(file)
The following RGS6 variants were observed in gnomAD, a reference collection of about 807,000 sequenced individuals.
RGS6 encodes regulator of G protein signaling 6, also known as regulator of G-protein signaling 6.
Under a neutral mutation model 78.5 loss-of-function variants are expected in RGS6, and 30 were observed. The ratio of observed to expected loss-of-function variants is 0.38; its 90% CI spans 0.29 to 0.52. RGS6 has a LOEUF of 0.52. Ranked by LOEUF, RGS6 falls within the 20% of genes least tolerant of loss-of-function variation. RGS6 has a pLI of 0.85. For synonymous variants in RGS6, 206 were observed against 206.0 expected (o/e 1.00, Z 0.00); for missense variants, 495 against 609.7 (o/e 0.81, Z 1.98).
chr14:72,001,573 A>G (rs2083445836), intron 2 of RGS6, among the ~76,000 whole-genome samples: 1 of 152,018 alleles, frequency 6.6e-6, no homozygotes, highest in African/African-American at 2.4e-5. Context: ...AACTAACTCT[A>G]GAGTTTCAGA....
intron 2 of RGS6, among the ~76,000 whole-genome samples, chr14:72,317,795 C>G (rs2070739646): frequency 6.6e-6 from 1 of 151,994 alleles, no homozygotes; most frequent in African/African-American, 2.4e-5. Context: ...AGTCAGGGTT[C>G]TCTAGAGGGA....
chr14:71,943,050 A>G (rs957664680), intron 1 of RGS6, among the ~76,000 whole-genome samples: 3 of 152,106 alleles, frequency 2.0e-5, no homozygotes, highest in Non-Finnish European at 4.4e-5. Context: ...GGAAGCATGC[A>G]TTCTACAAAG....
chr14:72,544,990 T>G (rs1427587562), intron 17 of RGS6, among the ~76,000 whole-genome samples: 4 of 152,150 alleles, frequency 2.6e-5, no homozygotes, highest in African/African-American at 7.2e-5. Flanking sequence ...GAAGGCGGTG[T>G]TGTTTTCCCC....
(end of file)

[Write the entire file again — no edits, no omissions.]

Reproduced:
The following RGS6 variants were observed in gnomAD, a reference collection of about 807,000 sequenced individuals.
RGS6 encodes regulator of G protein signaling 6, also known as regulator of G-protein signaling 6.
Under a neutral mutation model 78.5 loss-of-function variants are expected in RGS6, and 30 were observed. The ratio of observed to expected loss-of-function variants is 0.38; its 90% CI spans 0.29 to 0.52. RGS6 has a LOEUF of 0.52. Ranked by LOEUF, RGS6 falls within the 20% of genes least tolerant of loss-of-function variation. RGS6 has a pLI of 0.85. For synonymous variants in RGS6, 206 were observed against 206.0 expected (o/e 1.00, Z 0.00); for missense variants, 495 against 609.7 (o/e 0.81, Z 1.98).
chr14:72,001,573 A>G (rs2083445836), intron 2 of RGS6, among the ~76,000 whole-genome samples: 1 of 152,018 alleles, frequency 6.6e-6, no homozygotes, highest in African/African-American at 2.4e-5. Context: ...AACTAACTCT[A>G]GAGTTTCAGA....
intron 2 of RGS6, among the ~76,000 whole-genome samples, chr14:72,317,795 C>G (rs2070739646): frequency 6.6e-6 from 1 of 151,994 alleles, no homozygotes; most frequent in African/African-American, 2.4e-5. Context: ...AGTCAGGGTT[C>G]TCTAGAGGGA....
chr14:71,943,050 A>G (rs957664680), intron 1 of RGS6, among the ~76,000 whole-genome samples: 3 of 152,106 alleles, frequency 2.0e-5, no homozygotes, highest in Non-Finnish European at 4.4e-5. Context: ...GGAAGCATGC[A>G]TTCTACAAAG....
chr14:72,544,990 T>G (rs1427587562), intron 17 of RGS6, among the ~76,000 whole-genome samples: 4 of 152,150 alleles, frequency 2.6e-5, no homozygotes, highest in African/African-American at 7.2e-5. Flanking sequence ...GAAGGCGGTG[T>G]TGTTTTCCCC....